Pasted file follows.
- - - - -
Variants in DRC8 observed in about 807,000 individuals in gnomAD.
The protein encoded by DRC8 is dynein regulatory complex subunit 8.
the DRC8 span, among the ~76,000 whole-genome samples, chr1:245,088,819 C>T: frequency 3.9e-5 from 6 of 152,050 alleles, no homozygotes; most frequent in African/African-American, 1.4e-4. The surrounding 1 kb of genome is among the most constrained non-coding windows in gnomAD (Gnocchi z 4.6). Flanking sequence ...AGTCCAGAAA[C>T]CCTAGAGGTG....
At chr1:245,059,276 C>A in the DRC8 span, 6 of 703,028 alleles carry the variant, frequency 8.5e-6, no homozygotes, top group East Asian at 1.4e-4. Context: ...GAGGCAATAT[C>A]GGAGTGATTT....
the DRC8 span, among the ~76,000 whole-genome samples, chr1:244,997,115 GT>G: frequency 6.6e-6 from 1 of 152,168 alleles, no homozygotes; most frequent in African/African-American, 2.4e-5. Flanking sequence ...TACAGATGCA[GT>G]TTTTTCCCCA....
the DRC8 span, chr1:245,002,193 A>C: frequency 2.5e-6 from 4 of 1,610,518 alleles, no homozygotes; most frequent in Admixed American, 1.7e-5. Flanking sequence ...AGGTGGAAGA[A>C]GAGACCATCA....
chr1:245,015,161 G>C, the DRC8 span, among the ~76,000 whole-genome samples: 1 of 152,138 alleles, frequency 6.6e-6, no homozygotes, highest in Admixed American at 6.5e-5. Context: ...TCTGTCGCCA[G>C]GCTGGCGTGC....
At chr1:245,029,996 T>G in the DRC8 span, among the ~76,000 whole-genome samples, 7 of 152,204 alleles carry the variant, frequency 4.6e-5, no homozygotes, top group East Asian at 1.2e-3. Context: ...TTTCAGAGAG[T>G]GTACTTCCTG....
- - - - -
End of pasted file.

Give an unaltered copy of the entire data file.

Variants in DRC8 observed in about 807,000 individuals in gnomAD.
The protein encoded by DRC8 is dynein regulatory complex subunit 8.
the DRC8 span, among the ~76,000 whole-genome samples, chr1:245,088,819 C>T: frequency 3.9e-5 from 6 of 152,050 alleles, no homozygotes; most frequent in African/African-American, 1.4e-4. The surrounding 1 kb of genome is among the most constrained non-coding windows in gnomAD (Gnocchi z 4.6). Flanking sequence ...AGTCCAGAAA[C>T]CCTAGAGGTG....
At chr1:245,059,276 C>A in the DRC8 span, 6 of 703,028 alleles carry the variant, frequency 8.5e-6, no homozygotes, top group East Asian at 1.4e-4. Context: ...GAGGCAATAT[C>A]GGAGTGATTT....
the DRC8 span, among the ~76,000 whole-genome samples, chr1:244,997,115 GT>G: frequency 6.6e-6 from 1 of 152,168 alleles, no homozygotes; most frequent in African/African-American, 2.4e-5. Flanking sequence ...TACAGATGCA[GT>G]TTTTTCCCCA....
the DRC8 span, chr1:245,002,193 A>C: frequency 2.5e-6 from 4 of 1,610,518 alleles, no homozygotes; most frequent in Admixed American, 1.7e-5. Flanking sequence ...AGGTGGAAGA[A>C]GAGACCATCA....
chr1:245,015,161 G>C, the DRC8 span, among the ~76,000 whole-genome samples: 1 of 152,138 alleles, frequency 6.6e-6, no homozygotes, highest in Admixed American at 6.5e-5. Context: ...TCTGTCGCCA[G>C]GCTGGCGTGC....
At chr1:245,029,996 T>G in the DRC8 span, among the ~76,000 whole-genome samples, 7 of 152,204 alleles carry the variant, frequency 4.6e-5, no homozygotes, top group East Asian at 1.2e-3. Context: ...TTTCAGAGAG[T>G]GTACTTCCTG....